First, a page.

Based on Google’s findings, Imagen could be a winning model that puts them ahead of the competition in Generative AI. Once again, I decided to do my own side-by-side to see how the Imagen compares to the three most popular models available right now, Dall-E 2, Stable Diffusion, and MidJourney.
Who can imagine better: Imagen, DALL-E 2, Stable Diffusion or MidJourney?
As with the PaLM comparison, I used Google’s published Imagen prompts and outputs and compared them to what I got by entering the same prompts into DALL-E 2, Stable Diffusion, and Midjourney. For DALL-E 2 and Stable Diffusion (v2.1), I used PlaygroundAI as the editor, but for MidJourney, the only option is to use their Discord channel. For each model, I generated 4 images per prompt and picked the best one.
Example 1 - Chocolate Eagle (easy)
Prompt: “A bald eagle made of chocolate powder, mango, and whipped cream.”
This was a straightforward prompt, yet it’s interesting to see the different interpretations. In a baking competition, Imagen’s output would probably be the winner, but it is missing whipped cream, which Dall-E’s includes. MidJourney’s output on the other hand, looks like a food sculpture but the cream and mango are less convincing. Imagen, Dall-E, and MidJourney’s output are the most photo-realistic, while Stable Diffusion’s output falls in an uncanny valley of being not quite real looking but also not drawn.
Winner = Draw between Imagen for looks and Dall-E for accuracy
Example 2 - Dog looking at a cat (medium)
Prompt: “A dog looking curiously in the mirror, seeing a cat.”
This prompt has more complexity as we expect to see both a dog and a cat in the image. Imagen and Dall-E achieve this, while Stable Diffusion and MidJourney only show two dogs. The one additional detail that impressed me about Imagen’s output is that the cat is staring back at the dog. Was this a subtle intention of the prompt?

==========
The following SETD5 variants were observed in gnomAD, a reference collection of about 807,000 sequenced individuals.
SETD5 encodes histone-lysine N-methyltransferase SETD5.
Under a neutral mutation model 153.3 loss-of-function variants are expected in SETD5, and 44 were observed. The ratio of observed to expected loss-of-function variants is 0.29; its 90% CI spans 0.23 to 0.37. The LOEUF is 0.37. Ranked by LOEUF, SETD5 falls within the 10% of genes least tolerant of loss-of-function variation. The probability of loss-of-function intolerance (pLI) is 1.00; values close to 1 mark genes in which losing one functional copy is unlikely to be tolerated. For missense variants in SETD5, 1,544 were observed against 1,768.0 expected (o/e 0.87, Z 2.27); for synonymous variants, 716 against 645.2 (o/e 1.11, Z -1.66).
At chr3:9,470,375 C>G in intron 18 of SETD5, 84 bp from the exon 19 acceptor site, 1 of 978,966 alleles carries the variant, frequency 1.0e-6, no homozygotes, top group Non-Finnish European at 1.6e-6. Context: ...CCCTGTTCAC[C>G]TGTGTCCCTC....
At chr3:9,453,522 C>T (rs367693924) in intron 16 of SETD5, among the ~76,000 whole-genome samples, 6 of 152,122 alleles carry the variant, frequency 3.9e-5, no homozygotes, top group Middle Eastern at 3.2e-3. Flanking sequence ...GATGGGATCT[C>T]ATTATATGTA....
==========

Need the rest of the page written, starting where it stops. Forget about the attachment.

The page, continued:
Winner = Imagen
Example 3 - The Pomeranian (hard)
Prompt: “A Pomeranian is sitting on the Kings throne wearing a crown. Two tiger soldiers are standing next to the throne.”
This was the hardest prompt I tried as it had multiple features: two types of animals, a specific environmental setting, and the relative positioning of characters. Imagen’s output clearly outdoes the competition here, with none of the other models able to create the tigers, though MidJourney did have some tiger-like animals!
Winner = Imagen
Does Imagen have the best imagination?
Imagen seems to perform equally or better than Dall-E 2 consistently and is far better than Stable Diffusion and MidJourney in the examples I tried, especially with more complex prompts. This is probably due to the approaches Google used in building the model, including using a generic large language model pre-trained only on text vs CLIP which is pre-trained on image-text pairs. Google found that making this language model bigger was more effective than making the Image Diffusion model bigger. Strategically it makes sense that Google might go in a direction that doesn’t incorporate OpenAI’s CLIP model, but instead take advantage of its ability to build very large language models.
It’s worth noting that Google has also created a yet-to-be-released editor, Imagen Editor that allows users to edit an image using text prompts, based on their earlier work on DreamBooth19. This capability is already available today however with products like PlaygroundAI, which recently added editing capabilities:
3. Generative Video
Google shared that one of it’s next big areas of focus for AI research is Generative Video which is more complex because of the time component, as Jeff Dean shared:
One of the next research challenges we are tackling is to create generative models for video that can produce high resolution, high quality, temporally consistent videos with a high level of controllability. This is a very challenging area because unlike images, where the challenge was to match the desired properties of the image with the generated pixels, with video there is the added dimension of time.